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2.4: Practice 2 Program Planning and Design

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    Learning Objectives

    With 100% accuracy during a: memory building activity, exercises, lab assignment, problems, or timed quiz/exam; the student is expected to:

    1. Define the terms on the definitions as listed in the modules associated with this chapter.
    2. Create a pseudocode document for a programming problem
    3. Create a test data document for a programming problem

    Memory Building Activities

    Link to: MBA 02


        1. Coding the program in a language like C++ is the first task of planning. You plan as you code.
        2. Pseudocode is the only commonly used planning tool.
        3. Test data is developed for testing the program once it is code into a language like C++.
        4. The word pseudo means false and includes the concepts of fake or imitation.
        5. Many programmers pick up the bad habit of not completing the planning step before starting to code the program.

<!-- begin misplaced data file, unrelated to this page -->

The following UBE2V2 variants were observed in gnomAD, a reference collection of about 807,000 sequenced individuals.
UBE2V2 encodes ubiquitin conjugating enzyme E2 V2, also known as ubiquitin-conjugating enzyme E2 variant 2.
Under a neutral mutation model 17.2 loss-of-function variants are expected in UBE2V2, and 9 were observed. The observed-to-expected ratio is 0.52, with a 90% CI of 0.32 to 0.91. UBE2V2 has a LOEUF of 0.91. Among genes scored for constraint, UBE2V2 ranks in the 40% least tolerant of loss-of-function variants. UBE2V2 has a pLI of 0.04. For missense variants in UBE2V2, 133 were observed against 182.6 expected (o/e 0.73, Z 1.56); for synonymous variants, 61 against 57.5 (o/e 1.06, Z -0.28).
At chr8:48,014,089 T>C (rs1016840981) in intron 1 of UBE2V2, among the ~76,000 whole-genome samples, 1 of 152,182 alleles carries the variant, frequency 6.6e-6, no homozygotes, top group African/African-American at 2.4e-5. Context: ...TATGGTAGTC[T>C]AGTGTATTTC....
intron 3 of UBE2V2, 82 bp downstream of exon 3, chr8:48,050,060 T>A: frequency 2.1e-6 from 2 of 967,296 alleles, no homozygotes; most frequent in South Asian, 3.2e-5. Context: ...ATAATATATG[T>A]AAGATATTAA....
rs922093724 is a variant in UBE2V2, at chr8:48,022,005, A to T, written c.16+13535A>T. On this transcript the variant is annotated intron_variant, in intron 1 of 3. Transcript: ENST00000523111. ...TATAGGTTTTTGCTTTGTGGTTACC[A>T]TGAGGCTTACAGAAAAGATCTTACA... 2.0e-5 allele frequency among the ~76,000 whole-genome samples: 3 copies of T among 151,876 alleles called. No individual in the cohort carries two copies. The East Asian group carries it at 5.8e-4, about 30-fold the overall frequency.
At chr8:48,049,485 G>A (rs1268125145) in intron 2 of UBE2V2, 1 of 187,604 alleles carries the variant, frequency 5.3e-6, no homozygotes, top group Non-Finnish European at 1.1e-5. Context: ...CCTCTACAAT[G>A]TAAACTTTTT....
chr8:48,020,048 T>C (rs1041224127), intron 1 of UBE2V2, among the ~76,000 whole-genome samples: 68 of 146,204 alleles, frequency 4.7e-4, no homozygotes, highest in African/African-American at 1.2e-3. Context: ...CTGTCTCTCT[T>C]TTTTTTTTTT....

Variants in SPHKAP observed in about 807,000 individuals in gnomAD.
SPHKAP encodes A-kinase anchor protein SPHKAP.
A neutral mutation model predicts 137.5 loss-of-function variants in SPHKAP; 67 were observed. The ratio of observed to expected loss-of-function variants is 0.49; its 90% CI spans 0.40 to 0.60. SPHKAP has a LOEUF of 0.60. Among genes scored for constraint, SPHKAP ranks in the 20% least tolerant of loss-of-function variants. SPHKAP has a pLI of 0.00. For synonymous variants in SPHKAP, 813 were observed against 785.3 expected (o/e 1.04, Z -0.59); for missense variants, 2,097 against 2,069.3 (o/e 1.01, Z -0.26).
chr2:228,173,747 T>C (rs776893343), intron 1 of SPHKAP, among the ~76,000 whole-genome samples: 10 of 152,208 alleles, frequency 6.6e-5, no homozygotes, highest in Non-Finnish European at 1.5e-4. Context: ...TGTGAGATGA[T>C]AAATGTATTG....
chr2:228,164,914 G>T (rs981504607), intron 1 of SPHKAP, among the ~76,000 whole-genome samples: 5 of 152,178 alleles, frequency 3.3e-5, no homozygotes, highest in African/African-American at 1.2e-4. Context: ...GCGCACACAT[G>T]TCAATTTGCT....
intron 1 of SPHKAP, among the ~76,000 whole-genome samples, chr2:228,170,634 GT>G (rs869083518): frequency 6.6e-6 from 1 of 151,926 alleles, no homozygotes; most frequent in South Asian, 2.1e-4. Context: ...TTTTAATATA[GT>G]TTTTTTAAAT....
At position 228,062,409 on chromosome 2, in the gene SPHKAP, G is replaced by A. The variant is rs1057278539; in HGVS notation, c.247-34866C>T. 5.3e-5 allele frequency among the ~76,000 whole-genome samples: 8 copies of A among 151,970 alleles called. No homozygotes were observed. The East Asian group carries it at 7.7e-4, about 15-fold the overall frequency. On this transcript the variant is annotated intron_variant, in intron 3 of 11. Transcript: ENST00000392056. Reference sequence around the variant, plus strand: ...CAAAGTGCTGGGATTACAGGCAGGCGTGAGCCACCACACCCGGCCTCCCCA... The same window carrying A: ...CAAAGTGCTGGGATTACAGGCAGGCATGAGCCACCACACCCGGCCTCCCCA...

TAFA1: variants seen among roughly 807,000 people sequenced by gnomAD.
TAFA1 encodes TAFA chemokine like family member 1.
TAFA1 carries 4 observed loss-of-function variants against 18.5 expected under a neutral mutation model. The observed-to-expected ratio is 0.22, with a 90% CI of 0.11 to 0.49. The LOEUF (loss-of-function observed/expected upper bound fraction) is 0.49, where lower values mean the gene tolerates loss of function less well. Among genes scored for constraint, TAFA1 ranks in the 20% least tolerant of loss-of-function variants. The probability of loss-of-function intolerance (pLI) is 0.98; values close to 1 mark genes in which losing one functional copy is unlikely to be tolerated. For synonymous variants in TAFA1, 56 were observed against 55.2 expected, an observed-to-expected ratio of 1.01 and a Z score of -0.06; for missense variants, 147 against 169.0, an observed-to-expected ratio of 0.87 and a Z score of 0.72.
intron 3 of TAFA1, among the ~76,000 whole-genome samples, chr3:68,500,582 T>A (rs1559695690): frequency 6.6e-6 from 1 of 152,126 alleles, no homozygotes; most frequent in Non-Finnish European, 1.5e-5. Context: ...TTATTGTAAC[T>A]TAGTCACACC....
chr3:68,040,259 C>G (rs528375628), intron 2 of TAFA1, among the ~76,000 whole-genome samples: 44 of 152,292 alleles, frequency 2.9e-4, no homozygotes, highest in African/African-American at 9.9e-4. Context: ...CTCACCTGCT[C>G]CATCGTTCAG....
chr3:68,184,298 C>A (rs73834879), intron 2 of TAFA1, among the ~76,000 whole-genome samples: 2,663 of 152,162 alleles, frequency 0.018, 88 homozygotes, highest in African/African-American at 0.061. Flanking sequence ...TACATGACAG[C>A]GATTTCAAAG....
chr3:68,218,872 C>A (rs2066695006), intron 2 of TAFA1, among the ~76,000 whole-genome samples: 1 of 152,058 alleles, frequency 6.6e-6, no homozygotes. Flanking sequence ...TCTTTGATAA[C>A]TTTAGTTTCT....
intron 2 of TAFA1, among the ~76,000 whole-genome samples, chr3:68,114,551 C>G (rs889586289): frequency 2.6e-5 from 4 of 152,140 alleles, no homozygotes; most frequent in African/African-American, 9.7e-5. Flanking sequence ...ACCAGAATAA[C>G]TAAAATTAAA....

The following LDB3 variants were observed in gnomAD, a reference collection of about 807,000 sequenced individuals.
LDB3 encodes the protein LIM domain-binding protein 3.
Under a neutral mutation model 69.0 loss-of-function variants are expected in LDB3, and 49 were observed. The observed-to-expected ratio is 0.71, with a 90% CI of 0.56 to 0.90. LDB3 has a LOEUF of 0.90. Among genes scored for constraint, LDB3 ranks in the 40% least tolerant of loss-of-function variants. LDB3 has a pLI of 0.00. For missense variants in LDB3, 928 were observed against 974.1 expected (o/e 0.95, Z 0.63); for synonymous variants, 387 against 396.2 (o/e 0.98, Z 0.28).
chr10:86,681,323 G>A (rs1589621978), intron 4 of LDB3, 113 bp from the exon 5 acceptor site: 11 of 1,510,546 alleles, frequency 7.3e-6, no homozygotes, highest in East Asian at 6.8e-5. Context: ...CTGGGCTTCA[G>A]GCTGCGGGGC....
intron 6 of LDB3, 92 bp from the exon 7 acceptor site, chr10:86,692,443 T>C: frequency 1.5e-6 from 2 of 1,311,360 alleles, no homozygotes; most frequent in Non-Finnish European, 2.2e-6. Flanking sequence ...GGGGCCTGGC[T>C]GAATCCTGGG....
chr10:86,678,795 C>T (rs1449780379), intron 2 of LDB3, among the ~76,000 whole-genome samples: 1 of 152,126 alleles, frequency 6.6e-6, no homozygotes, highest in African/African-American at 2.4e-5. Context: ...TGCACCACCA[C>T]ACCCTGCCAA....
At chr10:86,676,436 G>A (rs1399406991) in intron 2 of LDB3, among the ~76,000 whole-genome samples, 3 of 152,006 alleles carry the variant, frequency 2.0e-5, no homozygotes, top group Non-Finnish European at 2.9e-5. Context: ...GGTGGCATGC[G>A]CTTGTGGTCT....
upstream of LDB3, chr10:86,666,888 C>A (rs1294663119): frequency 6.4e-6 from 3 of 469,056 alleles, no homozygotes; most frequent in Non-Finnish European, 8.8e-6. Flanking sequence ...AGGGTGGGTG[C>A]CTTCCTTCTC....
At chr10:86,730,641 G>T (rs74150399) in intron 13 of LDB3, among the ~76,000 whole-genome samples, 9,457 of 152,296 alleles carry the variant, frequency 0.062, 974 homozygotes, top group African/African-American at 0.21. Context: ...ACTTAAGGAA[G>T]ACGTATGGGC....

1. false
        2. false
        3. false
        4. true
        5. true

    Miscellaneous Items

    None at this time.

    Lab Assignment

    Creating a Folder or Sub-Folder for Chapter 02 Files

    Depending on your compiler/IDE, you should decide where to download and store source code files for processing. Prudence dictates that you create these folders as needed prior to downloading source code files. A suggested sub-folder for the Bloodshed Dev-C++ 5 compiler/IDE might be named:

    • Chapter_02 within the folder named: Cpp_Source_Code_Files

    If you have not done so, please create the folder(s) and/or sub-folder(s) as appropriate.

    Download the Lab File(s)

    Download and store the following file(s) to your storage device in the appropriate folder(s). You may need to right click on the link and select "Save Target As" in order to download the file.

    Download from Connexions: Solution_Lab_01_Pseudocode.txt

    Download from Connexions: Solution_Lab_01_Test_Data.txt

    Detailed Lab Instructions

    Read and follow the directions below carefully, and perform the steps in the order listed.

    • Navigate to your sub-folder: Chapter_02 and print the: Solution_Lab_01_Pseudocode.txt and the: Solution_Lab_01_Test_Data.txt files. Review the printouts in conjunction with your Lab 01 source code file. Note: In Lab 01 we gave you step by step directions for modifying the Compiler_Test.cpp source code file into the Lab_01.cpp source code file. I could have given you the pseudocode and test data files, but you had not received any instructions about them. Now, after having studied the Chapter 2 materials, these files should make sense.
    • Make copies of the: Solution_Lab_01_Pseudocode.txt and Solution_Lab_01_Test_Data.txt and rename them: Lab_02_Pseudocode.txt and Lab_02_Test_Data.txt